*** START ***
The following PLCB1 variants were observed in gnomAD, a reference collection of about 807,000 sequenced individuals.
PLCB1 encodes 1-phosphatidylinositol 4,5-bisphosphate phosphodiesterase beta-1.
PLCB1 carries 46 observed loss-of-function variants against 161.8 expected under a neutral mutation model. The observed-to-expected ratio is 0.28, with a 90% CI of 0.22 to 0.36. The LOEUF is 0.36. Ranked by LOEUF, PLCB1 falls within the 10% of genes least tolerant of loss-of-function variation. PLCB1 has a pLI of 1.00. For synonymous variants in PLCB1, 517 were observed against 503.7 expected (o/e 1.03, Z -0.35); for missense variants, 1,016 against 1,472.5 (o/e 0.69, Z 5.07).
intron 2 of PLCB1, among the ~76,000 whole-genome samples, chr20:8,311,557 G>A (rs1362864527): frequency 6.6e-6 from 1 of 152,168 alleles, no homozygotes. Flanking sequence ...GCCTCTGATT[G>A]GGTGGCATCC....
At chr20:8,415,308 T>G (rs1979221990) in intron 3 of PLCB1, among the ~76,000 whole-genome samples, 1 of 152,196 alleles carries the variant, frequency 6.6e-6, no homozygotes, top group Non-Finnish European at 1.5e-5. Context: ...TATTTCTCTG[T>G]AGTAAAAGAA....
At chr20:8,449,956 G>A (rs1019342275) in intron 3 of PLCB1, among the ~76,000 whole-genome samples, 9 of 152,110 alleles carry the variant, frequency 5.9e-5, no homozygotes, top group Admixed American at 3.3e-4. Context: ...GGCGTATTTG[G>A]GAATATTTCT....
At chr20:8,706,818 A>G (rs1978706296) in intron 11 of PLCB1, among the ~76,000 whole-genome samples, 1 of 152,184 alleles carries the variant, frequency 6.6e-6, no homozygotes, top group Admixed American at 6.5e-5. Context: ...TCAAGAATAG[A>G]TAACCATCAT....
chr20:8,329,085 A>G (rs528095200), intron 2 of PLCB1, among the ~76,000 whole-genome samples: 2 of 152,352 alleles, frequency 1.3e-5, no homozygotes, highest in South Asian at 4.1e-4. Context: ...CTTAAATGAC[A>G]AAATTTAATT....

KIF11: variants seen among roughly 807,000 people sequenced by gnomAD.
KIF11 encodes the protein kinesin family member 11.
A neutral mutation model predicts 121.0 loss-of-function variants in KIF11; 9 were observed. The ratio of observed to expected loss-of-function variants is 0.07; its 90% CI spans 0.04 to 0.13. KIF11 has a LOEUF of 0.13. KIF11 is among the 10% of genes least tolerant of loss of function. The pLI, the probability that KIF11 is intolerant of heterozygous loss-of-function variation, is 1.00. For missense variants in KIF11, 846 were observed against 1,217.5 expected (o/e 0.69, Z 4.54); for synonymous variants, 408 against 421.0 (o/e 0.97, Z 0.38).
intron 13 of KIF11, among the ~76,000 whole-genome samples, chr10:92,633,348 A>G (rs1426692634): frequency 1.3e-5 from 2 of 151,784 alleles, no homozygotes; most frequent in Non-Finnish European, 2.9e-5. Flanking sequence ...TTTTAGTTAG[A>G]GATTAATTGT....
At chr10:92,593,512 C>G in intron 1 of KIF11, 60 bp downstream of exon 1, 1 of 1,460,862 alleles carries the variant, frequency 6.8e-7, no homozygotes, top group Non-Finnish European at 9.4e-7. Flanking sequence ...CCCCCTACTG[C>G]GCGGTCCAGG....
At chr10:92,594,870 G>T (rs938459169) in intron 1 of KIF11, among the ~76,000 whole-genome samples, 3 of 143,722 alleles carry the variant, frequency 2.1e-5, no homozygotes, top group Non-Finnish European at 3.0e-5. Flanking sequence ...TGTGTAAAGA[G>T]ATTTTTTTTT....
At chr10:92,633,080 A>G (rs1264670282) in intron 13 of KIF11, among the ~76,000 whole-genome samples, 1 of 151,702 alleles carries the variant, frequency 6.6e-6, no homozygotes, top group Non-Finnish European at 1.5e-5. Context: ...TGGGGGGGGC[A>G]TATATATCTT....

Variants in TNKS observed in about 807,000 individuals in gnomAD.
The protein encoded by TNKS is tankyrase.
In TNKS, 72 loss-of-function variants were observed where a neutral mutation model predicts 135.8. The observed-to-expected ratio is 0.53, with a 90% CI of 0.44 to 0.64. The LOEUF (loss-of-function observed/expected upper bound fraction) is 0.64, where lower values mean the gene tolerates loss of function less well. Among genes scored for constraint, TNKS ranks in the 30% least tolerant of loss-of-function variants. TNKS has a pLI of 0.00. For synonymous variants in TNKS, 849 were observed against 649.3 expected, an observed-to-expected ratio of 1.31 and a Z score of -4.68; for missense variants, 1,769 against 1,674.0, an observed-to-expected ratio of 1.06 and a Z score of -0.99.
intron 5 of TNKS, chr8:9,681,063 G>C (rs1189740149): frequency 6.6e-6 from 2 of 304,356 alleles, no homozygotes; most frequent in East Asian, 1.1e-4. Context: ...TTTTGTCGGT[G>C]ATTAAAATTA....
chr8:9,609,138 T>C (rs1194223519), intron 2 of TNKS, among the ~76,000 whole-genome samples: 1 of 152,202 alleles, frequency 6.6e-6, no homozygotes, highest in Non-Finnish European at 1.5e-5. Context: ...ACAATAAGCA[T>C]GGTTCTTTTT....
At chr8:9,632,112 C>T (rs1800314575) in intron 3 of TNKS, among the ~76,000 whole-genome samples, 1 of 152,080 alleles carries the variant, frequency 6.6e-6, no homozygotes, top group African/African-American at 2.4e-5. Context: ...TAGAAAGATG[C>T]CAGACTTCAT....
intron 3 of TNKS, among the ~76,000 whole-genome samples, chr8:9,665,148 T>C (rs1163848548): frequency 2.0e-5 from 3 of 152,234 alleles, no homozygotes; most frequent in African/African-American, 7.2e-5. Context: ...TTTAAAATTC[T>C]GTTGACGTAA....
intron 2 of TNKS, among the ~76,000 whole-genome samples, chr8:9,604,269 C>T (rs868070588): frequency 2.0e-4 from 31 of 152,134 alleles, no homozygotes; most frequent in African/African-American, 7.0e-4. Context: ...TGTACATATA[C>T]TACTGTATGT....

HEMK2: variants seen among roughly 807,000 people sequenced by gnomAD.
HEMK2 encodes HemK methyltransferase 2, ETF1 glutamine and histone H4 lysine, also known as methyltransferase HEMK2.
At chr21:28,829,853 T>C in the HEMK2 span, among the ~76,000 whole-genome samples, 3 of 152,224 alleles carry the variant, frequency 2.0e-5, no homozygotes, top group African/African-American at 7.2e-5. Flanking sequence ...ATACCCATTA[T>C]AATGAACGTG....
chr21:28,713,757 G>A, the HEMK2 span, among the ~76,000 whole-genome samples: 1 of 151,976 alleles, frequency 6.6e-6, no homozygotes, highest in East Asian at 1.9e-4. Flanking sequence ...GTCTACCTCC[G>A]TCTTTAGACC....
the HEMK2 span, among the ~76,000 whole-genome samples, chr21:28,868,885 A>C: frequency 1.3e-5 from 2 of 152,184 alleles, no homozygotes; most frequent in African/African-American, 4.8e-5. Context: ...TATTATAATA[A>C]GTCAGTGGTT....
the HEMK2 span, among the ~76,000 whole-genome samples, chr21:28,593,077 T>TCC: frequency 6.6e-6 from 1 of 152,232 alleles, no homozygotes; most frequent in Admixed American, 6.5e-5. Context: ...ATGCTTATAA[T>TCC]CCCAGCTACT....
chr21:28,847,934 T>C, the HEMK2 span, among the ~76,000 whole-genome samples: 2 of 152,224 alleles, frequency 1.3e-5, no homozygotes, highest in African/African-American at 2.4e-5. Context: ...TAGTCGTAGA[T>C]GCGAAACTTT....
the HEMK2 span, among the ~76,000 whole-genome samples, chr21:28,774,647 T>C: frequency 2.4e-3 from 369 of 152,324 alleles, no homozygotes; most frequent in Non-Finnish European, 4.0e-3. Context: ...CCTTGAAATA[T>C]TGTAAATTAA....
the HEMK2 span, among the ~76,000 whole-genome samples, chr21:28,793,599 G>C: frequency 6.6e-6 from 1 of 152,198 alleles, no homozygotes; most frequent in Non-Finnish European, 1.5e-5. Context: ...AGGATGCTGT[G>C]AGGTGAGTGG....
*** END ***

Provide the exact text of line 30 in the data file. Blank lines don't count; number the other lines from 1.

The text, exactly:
chr21:28,847,934 T>C, the HEMK2 span, among the ~76,000 whole-genome samples: 2 of 152,224 alleles, frequency 1.3e-5, no homozygotes, highest in African/African-American at 2.4e-5. Context: ...TAGTCGTAGA[T>C]GCGAAACTTT....